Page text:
Want to master the CMO role? Join us for GrowthBeat Summit on June 1-2 in Boston
, where we'll discuss how to merge creativity with technology to drive growth. Space is limited and we're limiting attendance to CMOs and top marketing execs. Request your personal invitation here
Social game-maker Zynga‘s shares lost about 35 percent of their value in after-hours trading today, a response to the company’s disastrous earnings report.
Zynga reported revenue of $332 million and a net loss of $22.8 million, or 3 cents a share. That’s far below the estimated $0.06 per share many analysts predicted. Comparably, the company had revenue of $279 million and net income of $1.4 million a year ago in the same quarter.
The company’s stock closed the day at $5.19, but it dropped, at one point, by 40 percent on news of the terrible earnings.
To try to keep up some kind of momentum and to keep users engaged, Zynga launched several new games this quarter, including Bubble Safari and The Ville. But that clearly didn’t work out.
“We … faced new short-term challenges which led to a sequential decline in bookings,” CEO Mark Pincus said in a statement. “Despite this, we’re optimistic about the long-term growth prospects on mobile where we have a window of opportunity to drive the same kind of social gaming revolution that we enabled on the web.”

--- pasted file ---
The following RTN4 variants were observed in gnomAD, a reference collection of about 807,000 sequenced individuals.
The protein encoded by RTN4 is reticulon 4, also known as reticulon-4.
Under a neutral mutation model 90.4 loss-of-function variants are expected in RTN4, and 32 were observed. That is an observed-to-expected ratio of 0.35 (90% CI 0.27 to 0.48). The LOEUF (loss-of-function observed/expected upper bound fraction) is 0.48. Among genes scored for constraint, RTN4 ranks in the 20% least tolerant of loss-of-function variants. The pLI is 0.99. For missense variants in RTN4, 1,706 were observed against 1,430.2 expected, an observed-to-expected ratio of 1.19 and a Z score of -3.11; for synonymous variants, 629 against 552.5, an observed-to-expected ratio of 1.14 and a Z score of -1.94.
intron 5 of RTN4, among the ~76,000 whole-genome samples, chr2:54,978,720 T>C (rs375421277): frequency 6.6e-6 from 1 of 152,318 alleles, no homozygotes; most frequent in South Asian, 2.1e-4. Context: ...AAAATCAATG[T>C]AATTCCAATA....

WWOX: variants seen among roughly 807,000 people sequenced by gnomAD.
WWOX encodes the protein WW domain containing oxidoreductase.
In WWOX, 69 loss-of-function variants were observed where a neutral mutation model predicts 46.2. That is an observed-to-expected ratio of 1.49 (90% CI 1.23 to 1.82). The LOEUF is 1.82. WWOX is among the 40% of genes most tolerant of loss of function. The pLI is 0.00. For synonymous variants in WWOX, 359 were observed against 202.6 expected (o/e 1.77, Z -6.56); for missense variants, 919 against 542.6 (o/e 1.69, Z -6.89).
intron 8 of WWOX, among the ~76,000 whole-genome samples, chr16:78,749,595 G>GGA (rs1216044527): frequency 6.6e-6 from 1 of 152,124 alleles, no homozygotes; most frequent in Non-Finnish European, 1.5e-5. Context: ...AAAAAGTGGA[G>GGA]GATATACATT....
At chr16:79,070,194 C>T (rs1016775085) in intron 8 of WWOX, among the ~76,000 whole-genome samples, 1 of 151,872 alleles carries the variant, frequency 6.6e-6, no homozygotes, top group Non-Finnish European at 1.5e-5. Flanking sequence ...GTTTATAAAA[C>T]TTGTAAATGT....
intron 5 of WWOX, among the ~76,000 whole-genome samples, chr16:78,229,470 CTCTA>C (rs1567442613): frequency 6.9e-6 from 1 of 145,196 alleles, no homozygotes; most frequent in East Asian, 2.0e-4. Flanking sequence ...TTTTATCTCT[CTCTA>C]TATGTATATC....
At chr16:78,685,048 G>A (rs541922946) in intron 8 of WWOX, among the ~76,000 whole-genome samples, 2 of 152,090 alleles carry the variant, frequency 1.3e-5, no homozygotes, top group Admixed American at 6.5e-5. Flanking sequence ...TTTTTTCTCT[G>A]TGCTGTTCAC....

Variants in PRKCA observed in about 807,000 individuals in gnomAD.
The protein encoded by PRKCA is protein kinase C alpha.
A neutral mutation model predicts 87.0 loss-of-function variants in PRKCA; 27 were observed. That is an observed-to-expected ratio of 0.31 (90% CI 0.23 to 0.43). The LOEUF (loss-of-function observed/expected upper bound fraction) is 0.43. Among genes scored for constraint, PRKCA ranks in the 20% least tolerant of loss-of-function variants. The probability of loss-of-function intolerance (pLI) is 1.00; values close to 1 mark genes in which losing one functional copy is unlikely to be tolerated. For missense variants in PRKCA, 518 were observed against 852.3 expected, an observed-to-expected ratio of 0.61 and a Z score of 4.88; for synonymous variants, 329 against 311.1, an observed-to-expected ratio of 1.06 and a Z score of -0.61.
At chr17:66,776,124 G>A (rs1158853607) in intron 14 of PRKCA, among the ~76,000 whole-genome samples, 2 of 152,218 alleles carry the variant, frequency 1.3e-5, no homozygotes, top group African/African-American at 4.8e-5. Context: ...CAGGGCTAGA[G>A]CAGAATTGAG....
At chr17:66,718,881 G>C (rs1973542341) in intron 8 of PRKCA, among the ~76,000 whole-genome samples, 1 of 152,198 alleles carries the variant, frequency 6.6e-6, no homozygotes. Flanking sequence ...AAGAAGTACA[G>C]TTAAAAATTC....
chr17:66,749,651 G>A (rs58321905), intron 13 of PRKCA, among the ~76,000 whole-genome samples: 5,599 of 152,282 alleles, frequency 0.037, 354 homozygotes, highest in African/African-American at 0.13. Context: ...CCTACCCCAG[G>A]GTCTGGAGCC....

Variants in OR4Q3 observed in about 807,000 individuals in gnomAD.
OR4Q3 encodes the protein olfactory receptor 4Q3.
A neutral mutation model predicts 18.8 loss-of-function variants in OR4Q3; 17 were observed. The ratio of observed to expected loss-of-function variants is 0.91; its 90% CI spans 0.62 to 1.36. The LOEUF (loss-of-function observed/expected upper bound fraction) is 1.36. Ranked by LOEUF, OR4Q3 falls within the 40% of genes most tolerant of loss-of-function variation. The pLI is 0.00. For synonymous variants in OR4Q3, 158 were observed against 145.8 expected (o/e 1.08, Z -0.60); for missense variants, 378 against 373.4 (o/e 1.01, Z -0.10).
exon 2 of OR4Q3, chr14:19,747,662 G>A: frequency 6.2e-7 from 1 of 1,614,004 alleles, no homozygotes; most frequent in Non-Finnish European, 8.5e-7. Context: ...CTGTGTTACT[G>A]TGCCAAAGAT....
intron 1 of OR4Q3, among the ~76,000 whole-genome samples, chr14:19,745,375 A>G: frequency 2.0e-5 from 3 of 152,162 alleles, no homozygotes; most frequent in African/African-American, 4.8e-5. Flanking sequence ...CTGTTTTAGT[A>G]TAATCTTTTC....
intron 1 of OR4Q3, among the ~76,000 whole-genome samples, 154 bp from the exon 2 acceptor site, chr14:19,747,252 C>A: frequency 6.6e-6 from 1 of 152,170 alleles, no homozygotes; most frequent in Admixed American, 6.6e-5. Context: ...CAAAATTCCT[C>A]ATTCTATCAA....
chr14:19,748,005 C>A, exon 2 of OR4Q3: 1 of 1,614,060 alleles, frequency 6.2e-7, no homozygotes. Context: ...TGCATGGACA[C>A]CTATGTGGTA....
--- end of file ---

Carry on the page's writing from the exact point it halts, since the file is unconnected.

Pincus said in a conference call today that the company plans to launch its first real-money online gambling poker game in the first half of 2013. Perhaps that will help the company hold on to the investors it hasn’t already lost.
Analysts on Twitter, naturally, pounded the company for the disastrous performance today:
“50 million Americans are on food stamps and Wall Street is shocked – SHOCKED – that they’re not buying fake shit on $ZNGA Farmville,” @ReformedBroker wrote.
“$ZYNGA is another broken stock that I’m glad I stayed away from and kept clients clear of,” Nicholas Olesen, a certified financial planner, wrote.
Update: As of 2:30 p.m. EST, Zynga’s shares are now trading down about 35 percent.
Photo illustration: Tom Cheredar/VentureBeat
VentureBeat’s VB Insight team is studying email marketing tools.
Chime in here, and we’ll share the results